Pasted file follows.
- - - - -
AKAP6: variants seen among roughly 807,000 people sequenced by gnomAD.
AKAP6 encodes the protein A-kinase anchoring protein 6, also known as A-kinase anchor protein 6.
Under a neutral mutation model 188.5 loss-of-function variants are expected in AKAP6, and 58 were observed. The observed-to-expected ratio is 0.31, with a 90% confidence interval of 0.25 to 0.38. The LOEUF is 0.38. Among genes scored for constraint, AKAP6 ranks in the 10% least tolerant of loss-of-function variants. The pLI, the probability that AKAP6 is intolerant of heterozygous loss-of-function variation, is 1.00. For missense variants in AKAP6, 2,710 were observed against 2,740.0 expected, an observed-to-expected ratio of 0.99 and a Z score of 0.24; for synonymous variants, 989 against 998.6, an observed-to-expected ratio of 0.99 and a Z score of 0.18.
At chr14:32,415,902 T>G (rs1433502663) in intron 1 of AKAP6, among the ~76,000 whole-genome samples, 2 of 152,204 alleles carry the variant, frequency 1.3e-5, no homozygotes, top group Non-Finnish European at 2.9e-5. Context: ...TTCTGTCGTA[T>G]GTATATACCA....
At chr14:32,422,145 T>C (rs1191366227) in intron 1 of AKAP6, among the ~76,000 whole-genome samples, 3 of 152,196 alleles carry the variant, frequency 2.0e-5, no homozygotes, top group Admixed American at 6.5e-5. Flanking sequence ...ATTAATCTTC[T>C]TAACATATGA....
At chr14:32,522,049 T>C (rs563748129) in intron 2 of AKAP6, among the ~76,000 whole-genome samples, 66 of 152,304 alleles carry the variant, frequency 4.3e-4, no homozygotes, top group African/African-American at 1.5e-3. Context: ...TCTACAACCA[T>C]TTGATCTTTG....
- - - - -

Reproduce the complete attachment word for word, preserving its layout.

AKAP6: variants seen among roughly 807,000 people sequenced by gnomAD.
AKAP6 encodes the protein A-kinase anchoring protein 6, also known as A-kinase anchor protein 6.
Under a neutral mutation model 188.5 loss-of-function variants are expected in AKAP6, and 58 were observed. The observed-to-expected ratio is 0.31, with a 90% confidence interval of 0.25 to 0.38. The LOEUF is 0.38. Among genes scored for constraint, AKAP6 ranks in the 10% least tolerant of loss-of-function variants. The pLI, the probability that AKAP6 is intolerant of heterozygous loss-of-function variation, is 1.00. For missense variants in AKAP6, 2,710 were observed against 2,740.0 expected, an observed-to-expected ratio of 0.99 and a Z score of 0.24; for synonymous variants, 989 against 998.6, an observed-to-expected ratio of 0.99 and a Z score of 0.18.
At chr14:32,415,902 T>G (rs1433502663) in intron 1 of AKAP6, among the ~76,000 whole-genome samples, 2 of 152,204 alleles carry the variant, frequency 1.3e-5, no homozygotes, top group Non-Finnish European at 2.9e-5. Context: ...TTCTGTCGTA[T>G]GTATATACCA....
At chr14:32,422,145 T>C (rs1191366227) in intron 1 of AKAP6, among the ~76,000 whole-genome samples, 3 of 152,196 alleles carry the variant, frequency 2.0e-5, no homozygotes, top group Admixed American at 6.5e-5. Flanking sequence ...ATTAATCTTC[T>C]TAACATATGA....
At chr14:32,522,049 T>C (rs563748129) in intron 2 of AKAP6, among the ~76,000 whole-genome samples, 66 of 152,304 alleles carry the variant, frequency 4.3e-4, no homozygotes, top group African/African-American at 1.5e-3. Context: ...TCTACAACCA[T>C]TTGATCTTTG....